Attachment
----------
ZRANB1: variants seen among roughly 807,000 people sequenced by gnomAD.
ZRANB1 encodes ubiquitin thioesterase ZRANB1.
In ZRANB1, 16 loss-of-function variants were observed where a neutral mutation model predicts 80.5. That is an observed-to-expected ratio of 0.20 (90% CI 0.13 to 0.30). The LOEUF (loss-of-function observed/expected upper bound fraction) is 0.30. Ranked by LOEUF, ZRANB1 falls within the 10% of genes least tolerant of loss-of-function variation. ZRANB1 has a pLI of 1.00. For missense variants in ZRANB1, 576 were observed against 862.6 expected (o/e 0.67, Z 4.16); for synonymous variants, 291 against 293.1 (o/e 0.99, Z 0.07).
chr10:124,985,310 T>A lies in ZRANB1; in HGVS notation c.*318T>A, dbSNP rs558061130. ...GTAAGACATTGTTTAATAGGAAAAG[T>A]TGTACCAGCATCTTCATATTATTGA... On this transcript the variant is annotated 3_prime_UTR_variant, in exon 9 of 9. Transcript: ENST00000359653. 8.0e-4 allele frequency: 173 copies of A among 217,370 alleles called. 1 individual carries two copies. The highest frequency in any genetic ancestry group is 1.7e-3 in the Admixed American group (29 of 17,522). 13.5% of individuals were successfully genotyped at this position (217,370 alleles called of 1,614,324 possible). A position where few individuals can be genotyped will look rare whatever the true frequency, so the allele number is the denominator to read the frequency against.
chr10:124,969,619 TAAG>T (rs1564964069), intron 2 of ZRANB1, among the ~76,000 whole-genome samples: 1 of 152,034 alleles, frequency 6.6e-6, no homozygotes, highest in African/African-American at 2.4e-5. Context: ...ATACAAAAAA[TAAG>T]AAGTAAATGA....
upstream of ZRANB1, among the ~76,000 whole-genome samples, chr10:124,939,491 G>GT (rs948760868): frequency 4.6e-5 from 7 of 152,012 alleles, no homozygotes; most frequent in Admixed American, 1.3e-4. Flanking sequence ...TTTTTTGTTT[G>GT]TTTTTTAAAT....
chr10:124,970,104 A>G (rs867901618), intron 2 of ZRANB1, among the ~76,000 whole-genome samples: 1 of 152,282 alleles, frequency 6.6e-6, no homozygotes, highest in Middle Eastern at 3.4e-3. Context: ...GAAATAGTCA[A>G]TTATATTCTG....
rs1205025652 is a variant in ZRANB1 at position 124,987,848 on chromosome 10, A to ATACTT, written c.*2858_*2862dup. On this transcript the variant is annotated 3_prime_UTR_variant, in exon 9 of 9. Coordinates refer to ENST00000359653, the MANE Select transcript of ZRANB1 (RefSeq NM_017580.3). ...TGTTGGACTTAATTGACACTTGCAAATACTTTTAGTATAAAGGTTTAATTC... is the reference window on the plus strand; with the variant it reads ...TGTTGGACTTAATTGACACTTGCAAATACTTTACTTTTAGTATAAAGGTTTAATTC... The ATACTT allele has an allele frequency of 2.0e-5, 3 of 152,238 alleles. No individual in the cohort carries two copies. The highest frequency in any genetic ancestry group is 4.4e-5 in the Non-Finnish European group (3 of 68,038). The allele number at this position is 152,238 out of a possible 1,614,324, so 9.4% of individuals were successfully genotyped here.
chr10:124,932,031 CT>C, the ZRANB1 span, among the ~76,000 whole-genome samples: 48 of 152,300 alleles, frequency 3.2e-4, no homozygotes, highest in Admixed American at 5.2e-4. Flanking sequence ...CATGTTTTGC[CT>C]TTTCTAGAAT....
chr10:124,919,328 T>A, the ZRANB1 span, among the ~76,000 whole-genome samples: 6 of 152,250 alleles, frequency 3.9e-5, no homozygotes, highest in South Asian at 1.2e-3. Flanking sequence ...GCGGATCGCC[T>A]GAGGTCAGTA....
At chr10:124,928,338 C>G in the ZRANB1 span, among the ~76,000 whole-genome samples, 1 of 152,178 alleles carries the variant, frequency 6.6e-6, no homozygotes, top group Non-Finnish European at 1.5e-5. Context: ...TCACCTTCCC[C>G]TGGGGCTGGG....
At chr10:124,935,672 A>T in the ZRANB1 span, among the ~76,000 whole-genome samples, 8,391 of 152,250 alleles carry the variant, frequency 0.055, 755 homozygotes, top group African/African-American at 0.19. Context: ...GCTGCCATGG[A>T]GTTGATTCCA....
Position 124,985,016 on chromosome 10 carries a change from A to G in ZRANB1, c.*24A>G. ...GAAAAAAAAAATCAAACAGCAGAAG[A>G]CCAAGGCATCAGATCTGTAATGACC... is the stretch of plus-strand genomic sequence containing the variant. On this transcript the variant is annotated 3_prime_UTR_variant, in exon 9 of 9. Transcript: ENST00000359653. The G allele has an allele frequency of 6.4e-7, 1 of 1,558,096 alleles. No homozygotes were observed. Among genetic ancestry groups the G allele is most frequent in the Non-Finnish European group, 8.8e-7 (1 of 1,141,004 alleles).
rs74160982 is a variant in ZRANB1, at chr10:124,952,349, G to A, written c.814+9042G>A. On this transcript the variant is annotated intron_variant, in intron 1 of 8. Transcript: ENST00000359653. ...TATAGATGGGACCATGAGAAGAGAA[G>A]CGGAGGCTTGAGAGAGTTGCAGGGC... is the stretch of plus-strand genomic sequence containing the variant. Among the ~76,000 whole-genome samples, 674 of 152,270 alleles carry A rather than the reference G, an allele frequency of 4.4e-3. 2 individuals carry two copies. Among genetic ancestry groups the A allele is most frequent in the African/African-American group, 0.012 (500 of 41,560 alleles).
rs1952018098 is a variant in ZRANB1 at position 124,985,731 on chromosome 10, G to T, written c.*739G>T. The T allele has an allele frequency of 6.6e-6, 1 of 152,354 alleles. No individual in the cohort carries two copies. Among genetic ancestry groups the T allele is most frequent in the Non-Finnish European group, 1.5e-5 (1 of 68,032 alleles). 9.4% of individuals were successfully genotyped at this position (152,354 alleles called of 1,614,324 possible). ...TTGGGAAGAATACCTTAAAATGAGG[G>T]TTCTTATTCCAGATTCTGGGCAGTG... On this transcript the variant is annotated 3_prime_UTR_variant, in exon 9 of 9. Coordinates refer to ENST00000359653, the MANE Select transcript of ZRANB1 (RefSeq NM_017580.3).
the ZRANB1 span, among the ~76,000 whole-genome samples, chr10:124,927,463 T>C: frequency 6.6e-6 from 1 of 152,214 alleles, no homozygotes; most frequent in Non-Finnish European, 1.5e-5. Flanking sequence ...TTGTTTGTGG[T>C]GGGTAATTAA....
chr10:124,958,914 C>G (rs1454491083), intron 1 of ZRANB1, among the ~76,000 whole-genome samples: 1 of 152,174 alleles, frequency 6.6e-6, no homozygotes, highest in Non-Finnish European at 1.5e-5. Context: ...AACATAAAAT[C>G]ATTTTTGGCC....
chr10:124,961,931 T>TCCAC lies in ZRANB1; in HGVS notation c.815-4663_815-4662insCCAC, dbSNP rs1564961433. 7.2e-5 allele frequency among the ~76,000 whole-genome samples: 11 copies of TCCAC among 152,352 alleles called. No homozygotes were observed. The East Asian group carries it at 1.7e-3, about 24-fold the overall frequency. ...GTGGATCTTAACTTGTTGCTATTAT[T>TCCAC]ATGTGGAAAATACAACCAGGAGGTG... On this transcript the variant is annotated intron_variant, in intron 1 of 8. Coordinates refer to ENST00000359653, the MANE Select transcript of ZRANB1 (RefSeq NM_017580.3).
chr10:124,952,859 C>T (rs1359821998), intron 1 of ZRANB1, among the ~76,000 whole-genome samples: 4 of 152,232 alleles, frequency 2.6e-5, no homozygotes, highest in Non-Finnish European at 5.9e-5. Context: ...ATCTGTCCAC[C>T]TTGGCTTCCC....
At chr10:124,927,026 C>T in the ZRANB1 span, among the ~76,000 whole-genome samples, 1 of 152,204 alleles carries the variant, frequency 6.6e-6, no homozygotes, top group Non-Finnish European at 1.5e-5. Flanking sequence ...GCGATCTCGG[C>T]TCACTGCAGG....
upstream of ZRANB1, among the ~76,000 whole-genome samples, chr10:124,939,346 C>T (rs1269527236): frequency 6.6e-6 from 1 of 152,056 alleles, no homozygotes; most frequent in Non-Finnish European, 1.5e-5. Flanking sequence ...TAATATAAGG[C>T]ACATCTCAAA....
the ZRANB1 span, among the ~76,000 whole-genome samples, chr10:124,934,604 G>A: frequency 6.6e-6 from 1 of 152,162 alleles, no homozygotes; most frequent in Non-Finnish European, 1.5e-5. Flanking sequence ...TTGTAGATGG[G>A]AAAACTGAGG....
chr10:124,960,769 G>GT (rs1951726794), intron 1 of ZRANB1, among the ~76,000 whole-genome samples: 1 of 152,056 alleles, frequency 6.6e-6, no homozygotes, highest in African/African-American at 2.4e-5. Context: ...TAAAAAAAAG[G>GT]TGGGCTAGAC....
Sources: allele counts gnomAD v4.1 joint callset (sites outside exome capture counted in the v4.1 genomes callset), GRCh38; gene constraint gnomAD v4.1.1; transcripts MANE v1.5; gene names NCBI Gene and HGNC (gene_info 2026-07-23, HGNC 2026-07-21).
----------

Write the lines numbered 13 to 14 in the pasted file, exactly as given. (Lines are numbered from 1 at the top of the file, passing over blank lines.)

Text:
Position 124,985,016 on chromosome 10 carries a change from A to G in ZRANB1, c.*24A>G. ...GAAAAAAAAAATCAAACAGCAGAAG[A>G]CCAAGGCATCAGATCTGTAATGACC... is the stretch of plus-strand genomic sequence containing the variant. On this transcript the variant is annotated 3_prime_UTR_variant, in exon 9 of 9. Transcript: ENST00000359653. The G allele has an allele frequency of 6.4e-7, 1 of 1,558,096 alleles. No homozygotes were observed. Among genetic ancestry groups the G allele is most frequent in the Non-Finnish European group, 8.8e-7 (1 of 1,141,004 alleles).
rs74160982 is a variant in ZRANB1, at chr10:124,952,349, G to A, written c.814+9042G>A. On this transcript the variant is annotated intron_variant, in intron 1 of 8. Transcript: ENST00000359653. ...TATAGATGGGACCATGAGAAGAGAA[G>A]CGGAGGCTTGAGAGAGTTGCAGGGC... is the stretch of plus-strand genomic sequence containing the variant. Among the ~76,000 whole-genome samples, 674 of 152,270 alleles carry A rather than the reference G, an allele frequency of 4.4e-3. 2 individuals carry two copies. Among genetic ancestry groups the A allele is most frequent in the African/African-American group, 0.012 (500 of 41,560 alleles).